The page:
Average speed of wild-type CC-1690 and mutant strain CC-3913 of Chlamydomonas reinhardtii in response to varying light intensities

Sonam S. Bola, Steven S. Cheema, Brendan E. Lim E. Lim, Zohaib T. Mahmood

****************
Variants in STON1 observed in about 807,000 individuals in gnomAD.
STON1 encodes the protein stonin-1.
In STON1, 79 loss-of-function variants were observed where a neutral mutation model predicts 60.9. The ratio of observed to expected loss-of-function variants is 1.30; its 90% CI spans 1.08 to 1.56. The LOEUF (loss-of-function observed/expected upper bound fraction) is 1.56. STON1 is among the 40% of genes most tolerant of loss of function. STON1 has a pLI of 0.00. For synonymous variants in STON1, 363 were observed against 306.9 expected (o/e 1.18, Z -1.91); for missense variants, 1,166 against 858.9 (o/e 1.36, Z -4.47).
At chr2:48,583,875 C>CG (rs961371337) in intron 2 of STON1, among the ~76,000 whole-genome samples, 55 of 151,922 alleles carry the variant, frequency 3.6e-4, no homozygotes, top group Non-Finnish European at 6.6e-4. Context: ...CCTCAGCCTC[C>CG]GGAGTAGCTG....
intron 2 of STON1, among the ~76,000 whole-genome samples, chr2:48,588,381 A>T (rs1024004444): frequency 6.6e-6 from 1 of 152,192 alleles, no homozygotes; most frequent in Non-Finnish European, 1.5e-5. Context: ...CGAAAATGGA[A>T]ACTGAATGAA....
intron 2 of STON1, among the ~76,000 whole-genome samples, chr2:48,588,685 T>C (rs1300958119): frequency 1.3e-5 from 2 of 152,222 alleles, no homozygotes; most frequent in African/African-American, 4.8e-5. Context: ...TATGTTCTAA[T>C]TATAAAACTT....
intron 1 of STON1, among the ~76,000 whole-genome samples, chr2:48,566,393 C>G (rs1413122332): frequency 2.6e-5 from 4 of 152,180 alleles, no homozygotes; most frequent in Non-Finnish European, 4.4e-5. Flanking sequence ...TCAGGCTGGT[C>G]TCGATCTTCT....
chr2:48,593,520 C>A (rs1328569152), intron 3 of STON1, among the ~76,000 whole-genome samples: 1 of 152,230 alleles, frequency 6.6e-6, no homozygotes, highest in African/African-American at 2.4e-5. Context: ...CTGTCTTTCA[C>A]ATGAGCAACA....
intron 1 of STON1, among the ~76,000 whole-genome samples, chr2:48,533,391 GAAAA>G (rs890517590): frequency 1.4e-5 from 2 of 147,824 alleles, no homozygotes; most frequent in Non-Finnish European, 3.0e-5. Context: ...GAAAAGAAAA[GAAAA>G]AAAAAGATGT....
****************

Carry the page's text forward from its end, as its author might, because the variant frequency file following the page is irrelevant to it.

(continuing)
Chlamydomonas reinhardtii responds to environmental stimuli such as light, carbon dioxide and oxygen with the goal of finding an optimal environment to grow. Their ability to move allows them to find a suitable environment. This study looks at the speeds that C. reinhardtii swim at when exposed to three different light intensities (10 Lux, 270 Lux, 500 Lux). For each, the mutant strain CC-3913 and the wild-type strain CC-1690, there were three replicates per light treatment. All of the replicates were exposed to the three different light intensities with their movement recorded using the DinoXcope. The videos were then projected onto CellTrack a program that calculated the average speed of C. reinhardtii. A two-way analysis of variance test was used to interpret the results. The test revealed three calculated p-values all of which indicated rejection of the null hypotheses, thus providing support for all three alternate hypotheses. For an improved future study, a way to control the heat emitted from the light sources should be enforced.

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